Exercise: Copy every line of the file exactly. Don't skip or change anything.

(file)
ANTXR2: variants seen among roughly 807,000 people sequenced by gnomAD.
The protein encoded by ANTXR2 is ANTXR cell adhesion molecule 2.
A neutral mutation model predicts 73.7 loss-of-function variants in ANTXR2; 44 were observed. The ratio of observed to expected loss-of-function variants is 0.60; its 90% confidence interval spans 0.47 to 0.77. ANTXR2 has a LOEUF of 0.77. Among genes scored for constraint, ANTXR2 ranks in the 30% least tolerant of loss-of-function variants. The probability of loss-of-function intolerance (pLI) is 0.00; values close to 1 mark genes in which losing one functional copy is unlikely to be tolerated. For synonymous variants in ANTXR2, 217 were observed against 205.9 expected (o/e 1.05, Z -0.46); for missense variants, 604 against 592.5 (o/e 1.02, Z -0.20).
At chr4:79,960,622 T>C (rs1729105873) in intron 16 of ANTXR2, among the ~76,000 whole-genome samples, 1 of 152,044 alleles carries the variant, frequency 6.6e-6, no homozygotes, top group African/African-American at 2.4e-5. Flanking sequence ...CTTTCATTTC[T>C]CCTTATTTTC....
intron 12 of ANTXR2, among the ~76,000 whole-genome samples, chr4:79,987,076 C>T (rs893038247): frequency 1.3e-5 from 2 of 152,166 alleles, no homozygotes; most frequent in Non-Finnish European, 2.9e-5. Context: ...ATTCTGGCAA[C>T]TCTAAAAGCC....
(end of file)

ANTXR2: variants seen among roughly 807,000 people sequenced by gnomAD.
The protein encoded by ANTXR2 is ANTXR cell adhesion molecule 2.
A neutral mutation model predicts 73.7 loss-of-function variants in ANTXR2; 44 were observed. The ratio of observed to expected loss-of-function variants is 0.60; its 90% confidence interval spans 0.47 to 0.77. ANTXR2 has a LOEUF of 0.77. Among genes scored for constraint, ANTXR2 ranks in the 30% least tolerant of loss-of-function variants. The probability of loss-of-function intolerance (pLI) is 0.00; values close to 1 mark genes in which losing one functional copy is unlikely to be tolerated. For synonymous variants in ANTXR2, 217 were observed against 205.9 expected (o/e 1.05, Z -0.46); for missense variants, 604 against 592.5 (o/e 1.02, Z -0.20).
At chr4:79,960,622 T>C (rs1729105873) in intron 16 of ANTXR2, among the ~76,000 whole-genome samples, 1 of 152,044 alleles carries the variant, frequency 6.6e-6, no homozygotes, top group African/African-American at 2.4e-5. Flanking sequence ...CTTTCATTTC[T>C]CCTTATTTTC....
intron 12 of ANTXR2, among the ~76,000 whole-genome samples, chr4:79,987,076 C>T (rs893038247): frequency 1.3e-5 from 2 of 152,166 alleles, no homozygotes; most frequent in Non-Finnish European, 2.9e-5. Context: ...ATTCTGGCAA[C>T]TCTAAAAGCC....